Red (wine) velvet cake

What if I told you there exists a velvet cake where the red comes not from food coloring but from the passionate, 350 degree chemistry between cocoa and red wine?

Could there be anything more romantic?  Could there be anything more perfect for your valentine (especially if your valentine is you)?

Read on, and I will show you the way.

The red (wine) velvet cake is Stella Parks’ (of Bravetart) take on taking on the ridiculous amount of red dye that’s in contemporary red velvet cake.   According to Ms. Parks, food science is the key here.  Raw cocoa powder comes together with red wine in an explosion of anthocyanins creating the the red in red velvet a little more naturally.  And really, can you think of a situation where 3 ounces of food coloring is a better idea than 12 ounces of a dry red wine and half a cup of cocoa powder?  I know you can’t because it doesn’t exist.

Truth time.  I didn’t use raw cocoa.  I used normal, old valhrona.  Did it make my cake less red?  Probably.

But, it wasn’t supposed to be the bright red of what we think of as red velvet in today’s terms.  Even with roasted cocoa, the red wine gave this rich chocolatey cake very pretty hennaed highlights.

Now we all know caked decorating isn’t really my jam, but I couldn’t resist dressing her up a little for Valentines Day, what with the chemical reactions and the chocolate and the wine.

I used my favorite cream cheese frosting recipe (listed below), and, unable to resist the food coloring siren completely, had a little fun with pink.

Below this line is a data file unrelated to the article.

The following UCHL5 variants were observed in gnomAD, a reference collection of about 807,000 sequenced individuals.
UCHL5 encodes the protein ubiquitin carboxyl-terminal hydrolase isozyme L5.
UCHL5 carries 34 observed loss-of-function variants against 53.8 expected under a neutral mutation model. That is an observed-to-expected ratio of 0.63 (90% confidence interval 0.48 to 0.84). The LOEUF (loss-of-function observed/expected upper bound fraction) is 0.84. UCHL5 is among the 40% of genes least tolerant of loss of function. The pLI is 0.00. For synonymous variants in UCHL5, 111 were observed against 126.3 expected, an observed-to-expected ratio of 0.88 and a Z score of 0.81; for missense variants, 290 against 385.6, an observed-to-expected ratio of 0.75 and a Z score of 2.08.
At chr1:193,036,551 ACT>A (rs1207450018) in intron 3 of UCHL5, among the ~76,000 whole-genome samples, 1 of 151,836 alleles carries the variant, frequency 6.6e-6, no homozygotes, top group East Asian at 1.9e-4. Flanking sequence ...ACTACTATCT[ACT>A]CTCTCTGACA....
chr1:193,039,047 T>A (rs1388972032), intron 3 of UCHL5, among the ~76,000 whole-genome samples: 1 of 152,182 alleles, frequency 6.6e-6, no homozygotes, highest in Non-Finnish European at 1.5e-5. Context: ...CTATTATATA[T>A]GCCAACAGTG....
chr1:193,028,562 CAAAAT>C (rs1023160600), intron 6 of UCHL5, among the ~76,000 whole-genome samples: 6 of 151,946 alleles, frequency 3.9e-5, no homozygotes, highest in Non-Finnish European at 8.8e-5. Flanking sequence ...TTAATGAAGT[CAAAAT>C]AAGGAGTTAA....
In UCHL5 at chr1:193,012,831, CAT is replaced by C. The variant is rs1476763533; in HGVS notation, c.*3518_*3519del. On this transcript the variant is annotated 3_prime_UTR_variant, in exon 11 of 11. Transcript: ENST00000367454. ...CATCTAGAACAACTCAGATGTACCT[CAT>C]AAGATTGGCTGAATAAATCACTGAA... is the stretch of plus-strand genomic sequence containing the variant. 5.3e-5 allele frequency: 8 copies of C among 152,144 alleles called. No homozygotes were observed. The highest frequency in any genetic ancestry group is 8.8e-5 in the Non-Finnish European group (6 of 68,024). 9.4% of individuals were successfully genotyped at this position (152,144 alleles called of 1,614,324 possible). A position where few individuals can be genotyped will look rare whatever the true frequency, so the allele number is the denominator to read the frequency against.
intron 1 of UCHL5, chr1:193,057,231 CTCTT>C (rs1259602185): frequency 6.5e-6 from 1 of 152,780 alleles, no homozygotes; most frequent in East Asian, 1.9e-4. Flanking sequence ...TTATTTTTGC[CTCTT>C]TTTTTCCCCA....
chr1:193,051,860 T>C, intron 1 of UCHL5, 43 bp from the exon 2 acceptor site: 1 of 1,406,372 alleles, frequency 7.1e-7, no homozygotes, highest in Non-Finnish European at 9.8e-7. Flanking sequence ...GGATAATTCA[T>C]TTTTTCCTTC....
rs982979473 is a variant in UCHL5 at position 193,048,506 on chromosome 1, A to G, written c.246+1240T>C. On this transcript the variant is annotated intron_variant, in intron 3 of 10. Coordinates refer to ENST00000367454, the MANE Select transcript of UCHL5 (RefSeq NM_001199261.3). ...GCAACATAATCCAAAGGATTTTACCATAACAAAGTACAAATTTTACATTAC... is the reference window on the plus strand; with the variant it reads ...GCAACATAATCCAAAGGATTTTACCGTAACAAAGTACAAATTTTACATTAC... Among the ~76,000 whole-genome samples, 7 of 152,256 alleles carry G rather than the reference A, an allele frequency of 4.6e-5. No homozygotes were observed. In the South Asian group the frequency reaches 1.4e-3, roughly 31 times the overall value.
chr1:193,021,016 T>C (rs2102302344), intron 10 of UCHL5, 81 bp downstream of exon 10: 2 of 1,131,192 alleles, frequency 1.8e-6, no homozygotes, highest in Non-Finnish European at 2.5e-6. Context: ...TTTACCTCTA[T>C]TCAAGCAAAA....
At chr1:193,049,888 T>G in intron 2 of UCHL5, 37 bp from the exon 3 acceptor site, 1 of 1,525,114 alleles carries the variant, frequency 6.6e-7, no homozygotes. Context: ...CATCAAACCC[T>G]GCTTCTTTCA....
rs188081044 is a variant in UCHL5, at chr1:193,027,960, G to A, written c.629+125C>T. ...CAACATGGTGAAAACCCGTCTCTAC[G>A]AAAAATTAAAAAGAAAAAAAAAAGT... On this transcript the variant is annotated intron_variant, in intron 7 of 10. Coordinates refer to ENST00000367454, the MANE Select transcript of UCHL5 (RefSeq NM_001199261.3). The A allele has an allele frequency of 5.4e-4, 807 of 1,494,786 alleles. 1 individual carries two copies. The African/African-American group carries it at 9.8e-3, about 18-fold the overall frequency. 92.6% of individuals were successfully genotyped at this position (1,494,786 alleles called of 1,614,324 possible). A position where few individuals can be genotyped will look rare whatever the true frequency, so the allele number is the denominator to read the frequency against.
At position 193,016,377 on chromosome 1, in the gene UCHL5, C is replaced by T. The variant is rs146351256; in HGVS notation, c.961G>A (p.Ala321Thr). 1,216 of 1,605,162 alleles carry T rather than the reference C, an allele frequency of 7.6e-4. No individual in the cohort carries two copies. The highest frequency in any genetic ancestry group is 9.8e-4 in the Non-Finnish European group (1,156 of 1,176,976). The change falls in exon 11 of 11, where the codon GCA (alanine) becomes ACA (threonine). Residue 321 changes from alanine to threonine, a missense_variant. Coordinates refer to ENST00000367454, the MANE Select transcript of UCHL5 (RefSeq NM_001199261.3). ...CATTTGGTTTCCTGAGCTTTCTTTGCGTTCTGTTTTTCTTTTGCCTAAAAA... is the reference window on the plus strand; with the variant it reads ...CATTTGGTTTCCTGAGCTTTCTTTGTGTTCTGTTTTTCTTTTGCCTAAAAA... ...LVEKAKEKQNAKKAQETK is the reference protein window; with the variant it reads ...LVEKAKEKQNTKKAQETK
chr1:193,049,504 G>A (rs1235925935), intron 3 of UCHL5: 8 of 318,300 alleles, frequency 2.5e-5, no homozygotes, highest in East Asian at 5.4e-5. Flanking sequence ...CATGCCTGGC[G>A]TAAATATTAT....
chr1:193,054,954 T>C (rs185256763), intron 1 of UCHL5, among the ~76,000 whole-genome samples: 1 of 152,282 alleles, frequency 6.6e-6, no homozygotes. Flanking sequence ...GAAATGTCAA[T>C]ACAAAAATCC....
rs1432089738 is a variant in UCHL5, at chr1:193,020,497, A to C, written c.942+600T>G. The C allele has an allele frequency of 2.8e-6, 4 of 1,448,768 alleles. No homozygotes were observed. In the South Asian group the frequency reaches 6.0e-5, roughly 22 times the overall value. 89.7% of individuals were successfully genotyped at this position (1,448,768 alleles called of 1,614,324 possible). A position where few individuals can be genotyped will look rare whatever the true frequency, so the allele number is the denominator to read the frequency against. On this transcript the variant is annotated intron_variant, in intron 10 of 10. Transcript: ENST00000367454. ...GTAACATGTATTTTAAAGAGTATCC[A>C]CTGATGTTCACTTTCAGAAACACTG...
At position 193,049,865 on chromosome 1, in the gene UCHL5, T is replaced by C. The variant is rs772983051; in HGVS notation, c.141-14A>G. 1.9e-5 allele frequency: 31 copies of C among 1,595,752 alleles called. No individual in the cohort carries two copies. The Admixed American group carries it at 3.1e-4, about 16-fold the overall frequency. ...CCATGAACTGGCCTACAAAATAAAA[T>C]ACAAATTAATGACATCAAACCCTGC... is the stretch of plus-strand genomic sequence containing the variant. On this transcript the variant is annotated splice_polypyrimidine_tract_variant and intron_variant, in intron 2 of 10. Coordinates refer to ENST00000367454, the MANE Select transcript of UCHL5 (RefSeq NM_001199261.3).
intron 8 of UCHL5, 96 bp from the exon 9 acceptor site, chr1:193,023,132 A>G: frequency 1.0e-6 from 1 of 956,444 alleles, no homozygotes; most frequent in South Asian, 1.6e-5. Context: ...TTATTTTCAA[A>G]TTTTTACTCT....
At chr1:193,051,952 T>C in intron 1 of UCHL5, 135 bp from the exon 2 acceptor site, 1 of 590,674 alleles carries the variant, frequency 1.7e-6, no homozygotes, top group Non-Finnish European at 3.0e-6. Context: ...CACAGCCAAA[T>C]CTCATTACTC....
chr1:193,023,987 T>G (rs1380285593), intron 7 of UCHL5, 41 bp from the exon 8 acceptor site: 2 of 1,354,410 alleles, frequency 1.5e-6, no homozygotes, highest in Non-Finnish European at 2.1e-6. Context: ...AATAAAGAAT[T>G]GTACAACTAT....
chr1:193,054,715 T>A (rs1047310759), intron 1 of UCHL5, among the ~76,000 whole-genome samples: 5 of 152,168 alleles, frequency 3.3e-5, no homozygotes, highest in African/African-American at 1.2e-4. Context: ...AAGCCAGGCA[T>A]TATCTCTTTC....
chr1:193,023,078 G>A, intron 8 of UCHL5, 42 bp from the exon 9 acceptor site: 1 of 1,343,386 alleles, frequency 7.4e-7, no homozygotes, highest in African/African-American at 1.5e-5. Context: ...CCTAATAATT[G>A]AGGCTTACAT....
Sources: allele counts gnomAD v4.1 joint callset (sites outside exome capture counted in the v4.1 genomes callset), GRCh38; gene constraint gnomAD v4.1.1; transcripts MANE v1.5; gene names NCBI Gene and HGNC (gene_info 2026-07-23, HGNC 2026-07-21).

From a flavor perspective, this cake doesn’t taste like what we’ve come to know as red velvet.  When you compare ingredient lists, it shouldn’t.  Starting with the red wine and much more cocoa than my red velvet cake recipe, this red velvet also has just a hint of cinnamon. It is rich, decadent and special.

And before you ask, it doesn’t taste like win.  That’s what the other 13 ounces left in your bottle of wine are for.

Happy Valentine’s Day friends.

A note here on the recipe versus the pictures.  This recipe makes A LOT of cake.  As written, it makes 3, nine inch layers at about two and a half inches high.  For the pictures, I made two very thick six inch cakes (which I split to make four layers) and one normal nine inch layer.  That nine-inch layer is going to guest star with some ice cream and a little chemistry of it’s own in a couple of posts.  But, my point is that I think you could half the recipe and get a very respectable double layer eight or nine inch cake.

Red (Wine) Velvet Cake

Stella Parks, in Bravetart, Conic American Desserts

Makes 3X8″ cakes


  • 2 1/2 C (12 ounces) all-purpose flour
  • 3/4 C (2 1/4 ounces) raw cocoa powder (I didn’t have raw, it was fine)
  • 3 1/2 sticks (14 ounces) unsalted butter, soft but cool
  • 2 C gently packed (16 ounces), light/golden brown sugar
  • 2 1/4 tsp baking soda
  • 1 tsp kosher salt
  • 1/2 tsp ground cinnamon
  • 2 TBS (1 ounce) vanilla
  • 6 large eggs at room temp
  • 1 1/2 C (12 ounces) dry red wine
  • Batch of cream cheese frosting


  1. Adjust oven rack to lower middle position and preheat oven to 350 degrees.  Line three 8″ round baking pans and grease with pan spray or butter and flour.
  2. Sift together flour and cocoa, Set aside.
  3. In the bowl of a standing mixer (or hand mixer), combine butter, brown sugar, baking soda, salt, cinnamon and vanilla.  Mix on low speed to moisten and then increase to medium and cream until light and fluffy, about 5 minutes (pause to scrape down bowl along the way).
  4. With he mixer running, add the eggs one at a time, incorporating each egg before adding the next.